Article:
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Camera Research Part 1:
Canon Rebel (T7) ~ 500-800 (depending on bundle!)
Rebel EOS T7 Kit, And it’s specs.

Would be good for streaming setup as well, which would put it at a premium but multi purpose. We would need to get a Zoom lens for it to mitigate perspective warp (true for all cameras). Canons have many great lens options.

For DSLRs, I don’t think it gets any cheaper (unless we purchase a camera with a locked lens, which I don’t recommend).

DSLRs seem to have an easy way to do shutter control:Here is an article about it - something called “gphoto2”- Here are the officially supported cameras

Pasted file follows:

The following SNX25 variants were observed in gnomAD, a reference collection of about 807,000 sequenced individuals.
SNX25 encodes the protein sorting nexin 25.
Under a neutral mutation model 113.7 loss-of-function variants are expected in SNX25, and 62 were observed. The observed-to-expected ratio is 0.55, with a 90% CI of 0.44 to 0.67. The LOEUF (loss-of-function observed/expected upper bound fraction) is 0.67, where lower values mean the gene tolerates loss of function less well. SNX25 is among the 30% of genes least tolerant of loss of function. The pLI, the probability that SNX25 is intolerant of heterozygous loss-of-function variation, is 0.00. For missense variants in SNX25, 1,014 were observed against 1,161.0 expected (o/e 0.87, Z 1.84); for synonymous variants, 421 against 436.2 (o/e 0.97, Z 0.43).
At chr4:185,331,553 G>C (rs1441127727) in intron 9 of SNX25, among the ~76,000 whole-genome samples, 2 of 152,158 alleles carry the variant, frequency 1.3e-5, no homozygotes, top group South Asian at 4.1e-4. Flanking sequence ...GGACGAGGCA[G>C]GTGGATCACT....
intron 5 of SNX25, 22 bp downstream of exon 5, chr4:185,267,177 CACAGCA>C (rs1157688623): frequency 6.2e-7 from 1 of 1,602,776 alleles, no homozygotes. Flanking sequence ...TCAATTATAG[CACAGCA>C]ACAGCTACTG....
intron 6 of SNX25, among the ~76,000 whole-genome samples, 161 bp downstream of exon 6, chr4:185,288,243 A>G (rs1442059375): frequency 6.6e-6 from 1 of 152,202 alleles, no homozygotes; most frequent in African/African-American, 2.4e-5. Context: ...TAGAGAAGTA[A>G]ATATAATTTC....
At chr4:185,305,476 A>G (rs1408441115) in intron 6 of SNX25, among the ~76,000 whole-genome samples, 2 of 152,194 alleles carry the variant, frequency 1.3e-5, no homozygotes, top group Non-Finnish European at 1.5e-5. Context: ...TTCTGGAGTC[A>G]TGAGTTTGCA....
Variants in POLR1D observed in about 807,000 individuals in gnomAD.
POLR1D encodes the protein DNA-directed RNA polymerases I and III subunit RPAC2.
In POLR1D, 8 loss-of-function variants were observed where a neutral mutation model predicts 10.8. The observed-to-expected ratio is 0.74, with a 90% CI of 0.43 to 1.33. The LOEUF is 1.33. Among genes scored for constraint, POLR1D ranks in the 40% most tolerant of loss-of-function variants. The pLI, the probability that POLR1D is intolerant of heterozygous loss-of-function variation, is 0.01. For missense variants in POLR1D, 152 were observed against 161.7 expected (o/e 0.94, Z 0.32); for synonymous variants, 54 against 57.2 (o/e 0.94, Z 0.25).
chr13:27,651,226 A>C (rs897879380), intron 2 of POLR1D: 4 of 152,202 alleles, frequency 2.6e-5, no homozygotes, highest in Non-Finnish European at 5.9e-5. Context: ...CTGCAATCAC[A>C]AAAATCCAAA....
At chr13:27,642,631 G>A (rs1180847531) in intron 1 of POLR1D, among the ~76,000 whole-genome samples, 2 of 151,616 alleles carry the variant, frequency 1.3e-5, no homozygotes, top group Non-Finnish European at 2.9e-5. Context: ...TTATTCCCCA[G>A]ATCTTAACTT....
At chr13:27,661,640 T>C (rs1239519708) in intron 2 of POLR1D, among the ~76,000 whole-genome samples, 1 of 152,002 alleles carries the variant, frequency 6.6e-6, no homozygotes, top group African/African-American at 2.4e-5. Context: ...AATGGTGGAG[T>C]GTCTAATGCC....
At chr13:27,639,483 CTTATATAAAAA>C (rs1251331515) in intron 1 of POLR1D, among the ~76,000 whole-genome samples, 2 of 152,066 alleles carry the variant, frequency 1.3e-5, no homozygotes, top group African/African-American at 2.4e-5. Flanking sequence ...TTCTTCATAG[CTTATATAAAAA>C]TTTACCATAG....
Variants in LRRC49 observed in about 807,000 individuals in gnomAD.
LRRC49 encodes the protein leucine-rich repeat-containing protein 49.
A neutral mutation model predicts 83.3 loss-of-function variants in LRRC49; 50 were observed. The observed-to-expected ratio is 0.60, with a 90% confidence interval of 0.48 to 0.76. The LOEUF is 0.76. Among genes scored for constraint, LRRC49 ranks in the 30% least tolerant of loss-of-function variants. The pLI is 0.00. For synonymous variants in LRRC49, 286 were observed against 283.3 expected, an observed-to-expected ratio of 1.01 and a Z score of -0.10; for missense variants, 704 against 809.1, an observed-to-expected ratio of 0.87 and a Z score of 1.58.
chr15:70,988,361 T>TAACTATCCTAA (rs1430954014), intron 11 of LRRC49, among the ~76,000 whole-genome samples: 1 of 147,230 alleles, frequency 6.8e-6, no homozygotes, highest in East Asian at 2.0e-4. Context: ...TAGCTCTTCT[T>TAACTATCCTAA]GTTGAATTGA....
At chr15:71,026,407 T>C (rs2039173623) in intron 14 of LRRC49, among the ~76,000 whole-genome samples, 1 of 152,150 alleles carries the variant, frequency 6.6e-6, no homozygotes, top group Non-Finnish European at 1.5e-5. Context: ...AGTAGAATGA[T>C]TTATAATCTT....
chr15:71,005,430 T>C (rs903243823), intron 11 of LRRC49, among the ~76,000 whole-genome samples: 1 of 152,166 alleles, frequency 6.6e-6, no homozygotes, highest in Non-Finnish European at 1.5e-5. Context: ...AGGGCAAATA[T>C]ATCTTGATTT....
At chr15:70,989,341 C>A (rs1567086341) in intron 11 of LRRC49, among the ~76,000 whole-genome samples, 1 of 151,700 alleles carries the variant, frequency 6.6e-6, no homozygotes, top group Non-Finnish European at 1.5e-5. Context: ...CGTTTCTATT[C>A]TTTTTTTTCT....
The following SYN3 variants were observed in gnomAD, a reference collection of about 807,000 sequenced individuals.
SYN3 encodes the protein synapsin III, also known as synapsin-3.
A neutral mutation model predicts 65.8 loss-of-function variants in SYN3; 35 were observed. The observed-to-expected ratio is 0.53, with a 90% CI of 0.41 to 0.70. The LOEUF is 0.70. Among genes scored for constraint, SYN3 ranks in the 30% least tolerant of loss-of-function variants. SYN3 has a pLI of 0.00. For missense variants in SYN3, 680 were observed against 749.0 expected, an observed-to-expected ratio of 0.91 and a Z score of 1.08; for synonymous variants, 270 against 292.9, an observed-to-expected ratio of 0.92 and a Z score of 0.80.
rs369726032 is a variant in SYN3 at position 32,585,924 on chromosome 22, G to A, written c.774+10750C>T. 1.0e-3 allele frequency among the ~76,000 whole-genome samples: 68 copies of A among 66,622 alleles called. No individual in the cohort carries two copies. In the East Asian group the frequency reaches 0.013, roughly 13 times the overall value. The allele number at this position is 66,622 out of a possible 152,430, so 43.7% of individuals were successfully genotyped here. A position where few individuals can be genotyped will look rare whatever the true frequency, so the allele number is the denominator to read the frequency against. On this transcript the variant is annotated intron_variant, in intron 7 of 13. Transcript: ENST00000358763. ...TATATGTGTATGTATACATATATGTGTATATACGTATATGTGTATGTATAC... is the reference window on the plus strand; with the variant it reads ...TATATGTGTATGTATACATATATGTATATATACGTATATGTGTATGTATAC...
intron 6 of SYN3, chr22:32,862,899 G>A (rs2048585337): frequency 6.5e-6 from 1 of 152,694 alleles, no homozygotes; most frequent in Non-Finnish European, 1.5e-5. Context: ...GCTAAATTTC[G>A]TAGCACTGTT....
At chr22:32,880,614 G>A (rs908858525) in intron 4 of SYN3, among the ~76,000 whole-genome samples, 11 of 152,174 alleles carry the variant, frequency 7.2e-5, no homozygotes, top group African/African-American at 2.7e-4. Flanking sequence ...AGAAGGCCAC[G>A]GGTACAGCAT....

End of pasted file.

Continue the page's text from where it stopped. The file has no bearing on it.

Something of note is that T7 is not on their official list, but T7i is… but the difference is around 400 dollars. I think It might be worth looking for a T6 (refurbished or otherwise): A refurbished with zoom lens goes for around $600..

Again, we could ask for this as an investment in both streaming and scanning. It’s also possible we look other places than Amazon.

Part two will be looking at Pi-Cameras.

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@RobinLloydMiller Thanks for digging into this! FWIW, the Pi Version is using gphoto for external control of DSLR cameras that support a USB interface. There’s also an opto-isolated trigger output for cameras that only support wired shutter control.